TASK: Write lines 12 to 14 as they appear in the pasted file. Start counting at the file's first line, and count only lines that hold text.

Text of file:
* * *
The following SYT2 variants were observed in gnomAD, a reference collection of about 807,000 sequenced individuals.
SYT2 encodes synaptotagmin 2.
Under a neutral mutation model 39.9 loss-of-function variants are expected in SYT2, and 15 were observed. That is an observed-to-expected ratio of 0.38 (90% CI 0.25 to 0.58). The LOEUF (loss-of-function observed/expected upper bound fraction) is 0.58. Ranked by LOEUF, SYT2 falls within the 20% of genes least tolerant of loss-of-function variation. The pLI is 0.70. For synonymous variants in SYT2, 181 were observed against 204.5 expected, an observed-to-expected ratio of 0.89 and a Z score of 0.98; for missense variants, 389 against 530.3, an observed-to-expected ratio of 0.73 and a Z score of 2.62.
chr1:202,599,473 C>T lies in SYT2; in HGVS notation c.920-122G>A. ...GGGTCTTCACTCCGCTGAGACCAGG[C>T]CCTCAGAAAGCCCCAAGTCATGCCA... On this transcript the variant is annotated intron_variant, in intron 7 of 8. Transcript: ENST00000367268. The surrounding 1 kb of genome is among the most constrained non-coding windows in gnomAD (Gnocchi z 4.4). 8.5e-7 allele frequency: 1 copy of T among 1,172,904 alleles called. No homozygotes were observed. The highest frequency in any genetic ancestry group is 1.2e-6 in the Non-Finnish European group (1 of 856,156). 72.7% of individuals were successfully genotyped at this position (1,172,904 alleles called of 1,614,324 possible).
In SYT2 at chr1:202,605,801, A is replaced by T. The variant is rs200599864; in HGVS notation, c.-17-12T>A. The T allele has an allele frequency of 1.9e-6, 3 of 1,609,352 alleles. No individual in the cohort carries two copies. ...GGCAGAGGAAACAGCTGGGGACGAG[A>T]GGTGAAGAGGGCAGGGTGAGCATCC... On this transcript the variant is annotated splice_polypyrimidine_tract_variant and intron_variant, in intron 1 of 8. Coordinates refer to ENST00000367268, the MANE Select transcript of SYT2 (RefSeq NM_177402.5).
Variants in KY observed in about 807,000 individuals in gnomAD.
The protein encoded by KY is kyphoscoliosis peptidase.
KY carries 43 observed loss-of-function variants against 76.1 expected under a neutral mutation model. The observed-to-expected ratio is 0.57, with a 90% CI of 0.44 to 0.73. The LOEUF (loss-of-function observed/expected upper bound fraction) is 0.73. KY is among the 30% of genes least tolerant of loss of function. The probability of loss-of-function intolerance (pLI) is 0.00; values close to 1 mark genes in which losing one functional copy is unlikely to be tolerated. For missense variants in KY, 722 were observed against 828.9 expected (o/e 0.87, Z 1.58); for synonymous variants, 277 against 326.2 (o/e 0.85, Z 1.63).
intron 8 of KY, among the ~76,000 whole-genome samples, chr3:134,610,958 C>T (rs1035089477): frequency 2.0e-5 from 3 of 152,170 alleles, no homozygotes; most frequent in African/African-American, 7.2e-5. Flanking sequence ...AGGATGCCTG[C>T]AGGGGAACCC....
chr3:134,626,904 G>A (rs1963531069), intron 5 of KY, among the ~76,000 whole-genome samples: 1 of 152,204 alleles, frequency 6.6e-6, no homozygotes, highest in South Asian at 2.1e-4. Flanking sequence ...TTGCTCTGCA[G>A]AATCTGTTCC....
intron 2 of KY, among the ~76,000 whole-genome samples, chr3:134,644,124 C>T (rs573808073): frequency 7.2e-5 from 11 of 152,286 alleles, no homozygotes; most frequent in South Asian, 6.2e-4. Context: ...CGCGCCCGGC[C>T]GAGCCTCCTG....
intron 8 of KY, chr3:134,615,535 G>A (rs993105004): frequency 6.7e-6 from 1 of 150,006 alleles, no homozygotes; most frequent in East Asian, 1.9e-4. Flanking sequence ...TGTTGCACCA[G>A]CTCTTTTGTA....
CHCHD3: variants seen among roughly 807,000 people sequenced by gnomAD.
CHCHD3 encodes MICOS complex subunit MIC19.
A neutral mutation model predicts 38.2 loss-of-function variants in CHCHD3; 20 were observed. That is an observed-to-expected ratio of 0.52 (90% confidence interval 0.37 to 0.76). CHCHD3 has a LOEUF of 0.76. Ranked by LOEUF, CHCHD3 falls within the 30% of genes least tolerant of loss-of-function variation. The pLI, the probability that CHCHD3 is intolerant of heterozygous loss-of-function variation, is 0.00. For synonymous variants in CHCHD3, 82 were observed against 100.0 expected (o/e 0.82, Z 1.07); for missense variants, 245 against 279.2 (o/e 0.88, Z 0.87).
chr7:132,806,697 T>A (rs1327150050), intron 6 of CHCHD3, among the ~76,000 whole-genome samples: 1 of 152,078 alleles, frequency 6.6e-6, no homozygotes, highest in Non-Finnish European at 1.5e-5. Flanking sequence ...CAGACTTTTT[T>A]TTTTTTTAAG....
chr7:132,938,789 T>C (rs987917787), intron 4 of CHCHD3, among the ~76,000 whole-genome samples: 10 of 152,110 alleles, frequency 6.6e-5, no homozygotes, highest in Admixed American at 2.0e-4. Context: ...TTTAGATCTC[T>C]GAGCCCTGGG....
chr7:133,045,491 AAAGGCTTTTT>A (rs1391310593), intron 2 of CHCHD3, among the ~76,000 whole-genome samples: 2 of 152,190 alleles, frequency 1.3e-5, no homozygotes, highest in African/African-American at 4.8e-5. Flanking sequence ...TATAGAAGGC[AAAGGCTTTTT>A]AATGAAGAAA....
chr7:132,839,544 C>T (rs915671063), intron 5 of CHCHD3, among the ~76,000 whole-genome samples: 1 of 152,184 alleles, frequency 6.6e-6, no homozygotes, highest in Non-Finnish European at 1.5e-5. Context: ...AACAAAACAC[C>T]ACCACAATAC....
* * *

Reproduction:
intron 8 of KY, chr3:134,615,535 G>A (rs993105004): frequency 6.7e-6 from 1 of 150,006 alleles, no homozygotes; most frequent in East Asian, 1.9e-4. Flanking sequence ...TGTTGCACCA[G>A]CTCTTTTGTA....
CHCHD3: variants seen among roughly 807,000 people sequenced by gnomAD.
CHCHD3 encodes MICOS complex subunit MIC19.